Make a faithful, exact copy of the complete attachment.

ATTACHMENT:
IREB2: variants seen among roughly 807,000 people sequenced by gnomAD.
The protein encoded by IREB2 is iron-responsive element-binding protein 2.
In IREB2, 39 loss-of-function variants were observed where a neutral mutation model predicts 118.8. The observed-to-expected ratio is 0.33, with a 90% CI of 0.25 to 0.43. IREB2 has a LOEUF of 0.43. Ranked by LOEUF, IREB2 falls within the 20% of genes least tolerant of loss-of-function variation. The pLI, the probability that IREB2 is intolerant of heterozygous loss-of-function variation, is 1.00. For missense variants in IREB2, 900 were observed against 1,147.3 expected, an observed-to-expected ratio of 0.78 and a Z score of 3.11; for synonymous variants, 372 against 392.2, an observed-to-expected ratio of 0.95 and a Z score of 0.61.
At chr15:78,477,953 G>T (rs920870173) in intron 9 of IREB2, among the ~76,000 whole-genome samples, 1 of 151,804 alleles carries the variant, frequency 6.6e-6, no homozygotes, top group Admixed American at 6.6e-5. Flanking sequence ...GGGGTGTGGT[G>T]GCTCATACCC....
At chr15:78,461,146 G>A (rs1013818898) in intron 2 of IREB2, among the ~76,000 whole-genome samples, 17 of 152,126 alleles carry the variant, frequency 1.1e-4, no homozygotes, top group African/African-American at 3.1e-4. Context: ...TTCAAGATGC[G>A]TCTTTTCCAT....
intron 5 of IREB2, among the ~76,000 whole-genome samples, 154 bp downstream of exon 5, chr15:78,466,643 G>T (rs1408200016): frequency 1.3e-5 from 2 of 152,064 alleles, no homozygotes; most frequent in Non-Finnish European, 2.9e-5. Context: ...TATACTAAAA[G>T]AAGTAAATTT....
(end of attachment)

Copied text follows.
IREB2: variants seen among roughly 807,000 people sequenced by gnomAD.
The protein encoded by IREB2 is iron-responsive element-binding protein 2.
In IREB2, 39 loss-of-function variants were observed where a neutral mutation model predicts 118.8. The observed-to-expected ratio is 0.33, with a 90% CI of 0.25 to 0.43. IREB2 has a LOEUF of 0.43. Ranked by LOEUF, IREB2 falls within the 20% of genes least tolerant of loss-of-function variation. The pLI, the probability that IREB2 is intolerant of heterozygous loss-of-function variation, is 1.00. For missense variants in IREB2, 900 were observed against 1,147.3 expected, an observed-to-expected ratio of 0.78 and a Z score of 3.11; for synonymous variants, 372 against 392.2, an observed-to-expected ratio of 0.95 and a Z score of 0.61.
At chr15:78,477,953 G>T (rs920870173) in intron 9 of IREB2, among the ~76,000 whole-genome samples, 1 of 151,804 alleles carries the variant, frequency 6.6e-6, no homozygotes, top group Admixed American at 6.6e-5. Flanking sequence ...GGGGTGTGGT[G>T]GCTCATACCC....
At chr15:78,461,146 G>A (rs1013818898) in intron 2 of IREB2, among the ~76,000 whole-genome samples, 17 of 152,126 alleles carry the variant, frequency 1.1e-4, no homozygotes, top group African/African-American at 3.1e-4. Context: ...TTCAAGATGC[G>A]TCTTTTCCAT....
intron 5 of IREB2, among the ~76,000 whole-genome samples, 154 bp downstream of exon 5, chr15:78,466,643 G>T (rs1408200016): frequency 1.3e-5 from 2 of 152,064 alleles, no homozygotes; most frequent in Non-Finnish European, 2.9e-5. Context: ...TATACTAAAA[G>T]AAGTAAATTT....